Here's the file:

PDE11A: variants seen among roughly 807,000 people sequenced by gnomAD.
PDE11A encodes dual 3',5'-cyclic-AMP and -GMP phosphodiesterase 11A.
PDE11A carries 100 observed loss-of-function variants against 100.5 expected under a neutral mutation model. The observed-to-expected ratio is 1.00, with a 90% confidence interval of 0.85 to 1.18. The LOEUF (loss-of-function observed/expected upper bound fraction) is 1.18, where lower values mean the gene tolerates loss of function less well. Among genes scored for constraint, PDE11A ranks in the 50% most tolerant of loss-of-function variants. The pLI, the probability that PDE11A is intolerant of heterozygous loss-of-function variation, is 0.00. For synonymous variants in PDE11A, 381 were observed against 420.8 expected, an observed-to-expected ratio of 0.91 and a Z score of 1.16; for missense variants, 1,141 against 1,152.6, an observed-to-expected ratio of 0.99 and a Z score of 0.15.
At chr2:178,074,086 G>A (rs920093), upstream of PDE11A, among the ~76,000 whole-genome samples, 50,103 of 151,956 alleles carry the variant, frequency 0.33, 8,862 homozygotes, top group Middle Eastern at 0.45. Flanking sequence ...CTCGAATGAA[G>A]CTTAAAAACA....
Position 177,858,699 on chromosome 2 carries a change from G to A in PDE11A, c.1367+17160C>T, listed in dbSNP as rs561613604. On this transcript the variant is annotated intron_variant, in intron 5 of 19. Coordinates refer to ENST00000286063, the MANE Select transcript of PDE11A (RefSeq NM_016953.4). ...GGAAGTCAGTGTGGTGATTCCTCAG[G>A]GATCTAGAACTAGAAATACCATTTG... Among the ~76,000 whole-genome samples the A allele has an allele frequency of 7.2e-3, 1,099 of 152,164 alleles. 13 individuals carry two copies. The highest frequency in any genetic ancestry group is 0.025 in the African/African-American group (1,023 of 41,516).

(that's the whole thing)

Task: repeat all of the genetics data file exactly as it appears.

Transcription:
PDE11A: variants seen among roughly 807,000 people sequenced by gnomAD.
PDE11A encodes dual 3',5'-cyclic-AMP and -GMP phosphodiesterase 11A.
PDE11A carries 100 observed loss-of-function variants against 100.5 expected under a neutral mutation model. The observed-to-expected ratio is 1.00, with a 90% confidence interval of 0.85 to 1.18. The LOEUF (loss-of-function observed/expected upper bound fraction) is 1.18, where lower values mean the gene tolerates loss of function less well. Among genes scored for constraint, PDE11A ranks in the 50% most tolerant of loss-of-function variants. The pLI, the probability that PDE11A is intolerant of heterozygous loss-of-function variation, is 0.00. For synonymous variants in PDE11A, 381 were observed against 420.8 expected, an observed-to-expected ratio of 0.91 and a Z score of 1.16; for missense variants, 1,141 against 1,152.6, an observed-to-expected ratio of 0.99 and a Z score of 0.15.
At chr2:178,074,086 G>A (rs920093), upstream of PDE11A, among the ~76,000 whole-genome samples, 50,103 of 151,956 alleles carry the variant, frequency 0.33, 8,862 homozygotes, top group Middle Eastern at 0.45. Flanking sequence ...CTCGAATGAA[G>A]CTTAAAAACA....
Position 177,858,699 on chromosome 2 carries a change from G to A in PDE11A, c.1367+17160C>T, listed in dbSNP as rs561613604. On this transcript the variant is annotated intron_variant, in intron 5 of 19. Coordinates refer to ENST00000286063, the MANE Select transcript of PDE11A (RefSeq NM_016953.4). ...GGAAGTCAGTGTGGTGATTCCTCAG[G>A]GATCTAGAACTAGAAATACCATTTG... Among the ~76,000 whole-genome samples the A allele has an allele frequency of 7.2e-3, 1,099 of 152,164 alleles. 13 individuals carry two copies. The highest frequency in any genetic ancestry group is 0.025 in the African/African-American group (1,023 of 41,516).